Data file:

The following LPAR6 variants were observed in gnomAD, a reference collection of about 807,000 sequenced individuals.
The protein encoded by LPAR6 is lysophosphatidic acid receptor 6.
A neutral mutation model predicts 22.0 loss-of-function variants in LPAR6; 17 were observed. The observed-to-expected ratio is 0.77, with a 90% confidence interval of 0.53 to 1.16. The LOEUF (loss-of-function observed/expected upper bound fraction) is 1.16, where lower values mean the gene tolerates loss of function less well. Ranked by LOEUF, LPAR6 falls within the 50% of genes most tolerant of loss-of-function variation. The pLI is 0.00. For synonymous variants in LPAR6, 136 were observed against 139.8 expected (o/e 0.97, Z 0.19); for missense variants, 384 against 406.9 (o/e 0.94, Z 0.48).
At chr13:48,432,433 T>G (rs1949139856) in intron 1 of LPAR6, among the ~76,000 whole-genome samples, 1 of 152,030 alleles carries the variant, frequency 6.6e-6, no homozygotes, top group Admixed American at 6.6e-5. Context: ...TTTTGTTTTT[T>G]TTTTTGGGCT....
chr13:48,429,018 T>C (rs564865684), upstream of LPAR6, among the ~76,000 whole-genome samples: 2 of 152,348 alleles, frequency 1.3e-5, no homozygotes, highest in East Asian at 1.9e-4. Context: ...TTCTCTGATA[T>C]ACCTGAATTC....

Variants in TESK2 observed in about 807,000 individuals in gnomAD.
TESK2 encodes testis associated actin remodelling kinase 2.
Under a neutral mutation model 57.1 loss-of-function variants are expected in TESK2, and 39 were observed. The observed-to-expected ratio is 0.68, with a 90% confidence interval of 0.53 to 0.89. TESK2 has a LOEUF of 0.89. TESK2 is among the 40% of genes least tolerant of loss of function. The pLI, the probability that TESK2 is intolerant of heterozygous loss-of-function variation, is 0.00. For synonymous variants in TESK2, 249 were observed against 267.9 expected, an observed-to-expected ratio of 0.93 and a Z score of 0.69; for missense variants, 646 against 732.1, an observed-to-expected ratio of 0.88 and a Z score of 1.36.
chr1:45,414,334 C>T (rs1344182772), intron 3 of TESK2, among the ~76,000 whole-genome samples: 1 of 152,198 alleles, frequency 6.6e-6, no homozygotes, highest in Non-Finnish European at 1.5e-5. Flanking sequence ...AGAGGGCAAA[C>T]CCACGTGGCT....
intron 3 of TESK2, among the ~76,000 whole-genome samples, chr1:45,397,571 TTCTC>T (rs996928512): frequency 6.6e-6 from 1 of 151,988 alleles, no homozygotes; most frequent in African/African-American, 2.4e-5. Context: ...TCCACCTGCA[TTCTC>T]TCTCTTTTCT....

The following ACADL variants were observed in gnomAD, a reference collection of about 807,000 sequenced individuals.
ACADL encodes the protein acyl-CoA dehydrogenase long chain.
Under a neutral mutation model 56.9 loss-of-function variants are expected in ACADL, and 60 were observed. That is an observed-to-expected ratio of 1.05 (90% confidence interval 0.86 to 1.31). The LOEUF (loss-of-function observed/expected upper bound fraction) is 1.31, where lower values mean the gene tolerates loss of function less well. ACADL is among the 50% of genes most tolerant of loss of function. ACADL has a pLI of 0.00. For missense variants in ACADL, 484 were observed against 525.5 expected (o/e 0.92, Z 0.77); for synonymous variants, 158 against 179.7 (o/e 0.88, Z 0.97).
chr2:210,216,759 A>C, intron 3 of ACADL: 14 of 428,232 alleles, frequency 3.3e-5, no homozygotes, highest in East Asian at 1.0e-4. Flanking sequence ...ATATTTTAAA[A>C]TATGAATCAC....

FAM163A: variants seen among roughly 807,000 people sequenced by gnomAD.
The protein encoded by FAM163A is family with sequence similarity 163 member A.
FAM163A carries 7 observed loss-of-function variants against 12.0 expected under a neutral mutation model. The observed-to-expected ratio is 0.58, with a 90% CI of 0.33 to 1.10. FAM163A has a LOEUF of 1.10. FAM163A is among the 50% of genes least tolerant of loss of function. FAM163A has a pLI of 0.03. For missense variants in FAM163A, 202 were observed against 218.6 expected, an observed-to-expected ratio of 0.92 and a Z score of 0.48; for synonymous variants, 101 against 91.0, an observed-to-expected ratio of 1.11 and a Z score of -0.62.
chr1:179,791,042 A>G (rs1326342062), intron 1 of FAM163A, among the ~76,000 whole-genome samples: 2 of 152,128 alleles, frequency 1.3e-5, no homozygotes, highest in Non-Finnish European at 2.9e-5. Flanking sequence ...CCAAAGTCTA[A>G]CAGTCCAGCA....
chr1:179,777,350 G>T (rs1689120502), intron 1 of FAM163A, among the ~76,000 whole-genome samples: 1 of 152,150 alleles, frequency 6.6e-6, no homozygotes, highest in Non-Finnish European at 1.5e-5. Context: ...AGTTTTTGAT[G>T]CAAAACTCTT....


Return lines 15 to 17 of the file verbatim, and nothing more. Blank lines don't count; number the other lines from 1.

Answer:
FAM163A: variants seen among roughly 807,000 people sequenced by gnomAD.
The protein encoded by FAM163A is family with sequence similarity 163 member A.
FAM163A carries 7 observed loss-of-function variants against 12.0 expected under a neutral mutation model. The observed-to-expected ratio is 0.58, with a 90% CI of 0.33 to 1.10. FAM163A has a LOEUF of 1.10. FAM163A is among the 50% of genes least tolerant of loss of function. FAM163A has a pLI of 0.03. For missense variants in FAM163A, 202 were observed against 218.6 expected, an observed-to-expected ratio of 0.92 and a Z score of 0.48; for synonymous variants, 101 against 91.0, an observed-to-expected ratio of 1.11 and a Z score of -0.62.